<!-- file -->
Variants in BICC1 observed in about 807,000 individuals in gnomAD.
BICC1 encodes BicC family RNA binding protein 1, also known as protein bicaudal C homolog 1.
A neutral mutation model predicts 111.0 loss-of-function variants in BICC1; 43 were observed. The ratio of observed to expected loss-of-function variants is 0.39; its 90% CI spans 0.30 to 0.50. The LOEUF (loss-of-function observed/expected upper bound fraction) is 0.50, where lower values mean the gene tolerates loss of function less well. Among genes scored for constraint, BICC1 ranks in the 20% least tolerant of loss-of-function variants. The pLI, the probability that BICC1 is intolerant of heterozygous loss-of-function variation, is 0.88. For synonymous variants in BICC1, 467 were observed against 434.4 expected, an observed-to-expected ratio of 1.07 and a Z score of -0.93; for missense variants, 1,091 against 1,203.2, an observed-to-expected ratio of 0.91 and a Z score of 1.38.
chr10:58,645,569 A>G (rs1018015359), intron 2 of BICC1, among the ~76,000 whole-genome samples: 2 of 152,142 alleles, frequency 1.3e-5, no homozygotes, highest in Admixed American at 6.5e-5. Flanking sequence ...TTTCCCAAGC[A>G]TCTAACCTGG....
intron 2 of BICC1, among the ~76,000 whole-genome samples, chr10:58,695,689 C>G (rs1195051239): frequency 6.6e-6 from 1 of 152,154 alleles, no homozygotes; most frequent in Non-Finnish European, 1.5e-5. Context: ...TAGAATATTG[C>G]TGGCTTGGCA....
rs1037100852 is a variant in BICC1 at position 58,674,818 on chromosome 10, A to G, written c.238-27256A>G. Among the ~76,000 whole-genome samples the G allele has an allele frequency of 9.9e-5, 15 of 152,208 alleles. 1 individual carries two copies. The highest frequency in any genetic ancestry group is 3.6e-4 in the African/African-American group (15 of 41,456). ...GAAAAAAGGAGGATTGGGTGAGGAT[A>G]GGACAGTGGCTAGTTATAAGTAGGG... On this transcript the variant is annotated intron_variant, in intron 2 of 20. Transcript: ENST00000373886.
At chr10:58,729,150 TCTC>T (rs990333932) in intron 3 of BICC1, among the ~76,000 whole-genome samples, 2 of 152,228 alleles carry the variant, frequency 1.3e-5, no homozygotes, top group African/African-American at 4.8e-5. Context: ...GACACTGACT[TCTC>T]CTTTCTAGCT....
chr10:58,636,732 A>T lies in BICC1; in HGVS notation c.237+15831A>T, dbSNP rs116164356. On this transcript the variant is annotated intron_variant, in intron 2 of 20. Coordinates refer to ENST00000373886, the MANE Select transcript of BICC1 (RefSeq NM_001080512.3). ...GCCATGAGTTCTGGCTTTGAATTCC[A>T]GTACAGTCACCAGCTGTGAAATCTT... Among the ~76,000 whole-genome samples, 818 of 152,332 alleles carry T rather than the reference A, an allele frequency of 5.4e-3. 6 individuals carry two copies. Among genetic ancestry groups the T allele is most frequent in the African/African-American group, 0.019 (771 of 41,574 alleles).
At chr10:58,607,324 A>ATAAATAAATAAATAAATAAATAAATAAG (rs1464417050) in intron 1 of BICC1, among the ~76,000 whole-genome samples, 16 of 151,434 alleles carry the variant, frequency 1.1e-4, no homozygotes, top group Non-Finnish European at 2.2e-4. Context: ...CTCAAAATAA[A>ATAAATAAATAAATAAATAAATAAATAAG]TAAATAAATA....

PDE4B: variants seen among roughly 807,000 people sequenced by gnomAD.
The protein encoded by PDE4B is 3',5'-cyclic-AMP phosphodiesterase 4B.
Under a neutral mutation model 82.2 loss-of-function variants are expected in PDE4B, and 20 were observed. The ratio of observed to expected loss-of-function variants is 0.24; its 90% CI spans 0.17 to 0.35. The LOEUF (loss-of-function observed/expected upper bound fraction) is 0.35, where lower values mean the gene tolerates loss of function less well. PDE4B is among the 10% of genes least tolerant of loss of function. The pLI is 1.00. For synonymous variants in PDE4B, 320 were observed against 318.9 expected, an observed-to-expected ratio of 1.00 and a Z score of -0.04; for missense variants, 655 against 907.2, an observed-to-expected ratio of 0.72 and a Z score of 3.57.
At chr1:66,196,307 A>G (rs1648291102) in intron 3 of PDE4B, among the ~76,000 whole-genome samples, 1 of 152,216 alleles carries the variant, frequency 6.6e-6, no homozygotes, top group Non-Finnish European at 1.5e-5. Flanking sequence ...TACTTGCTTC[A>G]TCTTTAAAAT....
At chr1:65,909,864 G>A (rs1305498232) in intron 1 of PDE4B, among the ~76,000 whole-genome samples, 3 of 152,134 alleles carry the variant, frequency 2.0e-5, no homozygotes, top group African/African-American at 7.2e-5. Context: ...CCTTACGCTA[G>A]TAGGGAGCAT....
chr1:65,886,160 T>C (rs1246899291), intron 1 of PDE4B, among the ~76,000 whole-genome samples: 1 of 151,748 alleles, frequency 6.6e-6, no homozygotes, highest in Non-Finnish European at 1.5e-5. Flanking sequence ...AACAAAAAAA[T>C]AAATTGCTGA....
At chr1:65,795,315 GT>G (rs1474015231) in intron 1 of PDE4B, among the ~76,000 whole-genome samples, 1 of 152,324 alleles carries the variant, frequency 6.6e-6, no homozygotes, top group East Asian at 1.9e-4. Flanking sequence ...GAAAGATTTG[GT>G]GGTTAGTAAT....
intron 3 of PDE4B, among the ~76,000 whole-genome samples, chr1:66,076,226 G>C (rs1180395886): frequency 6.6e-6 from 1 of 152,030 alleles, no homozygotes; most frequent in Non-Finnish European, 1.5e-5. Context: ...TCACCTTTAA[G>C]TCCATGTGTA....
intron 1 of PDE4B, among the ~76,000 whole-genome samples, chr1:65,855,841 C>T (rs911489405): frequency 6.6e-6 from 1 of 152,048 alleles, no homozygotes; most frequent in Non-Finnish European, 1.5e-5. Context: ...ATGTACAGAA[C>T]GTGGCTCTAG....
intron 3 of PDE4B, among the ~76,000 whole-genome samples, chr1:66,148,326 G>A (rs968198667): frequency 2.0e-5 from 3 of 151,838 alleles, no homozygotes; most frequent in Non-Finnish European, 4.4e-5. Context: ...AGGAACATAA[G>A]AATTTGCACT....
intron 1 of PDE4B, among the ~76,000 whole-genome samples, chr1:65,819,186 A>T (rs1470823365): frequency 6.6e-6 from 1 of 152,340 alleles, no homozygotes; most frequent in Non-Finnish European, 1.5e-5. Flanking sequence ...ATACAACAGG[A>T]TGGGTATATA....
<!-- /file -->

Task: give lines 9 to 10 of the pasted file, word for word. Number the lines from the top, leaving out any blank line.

At chr10:58,607,324 A>ATAAATAAATAAATAAATAAATAAATAAG (rs1464417050) in intron 1 of BICC1, among the ~76,000 whole-genome samples, 16 of 151,434 alleles carry the variant, frequency 1.1e-4, no homozygotes, top group Non-Finnish European at 2.2e-4. Context: ...CTCAAAATAA[A>ATAAATAAATAAATAAATAAATAAATAAG]TAAATAAATA....

PDE4B: variants seen among roughly 807,000 people sequenced by gnomAD.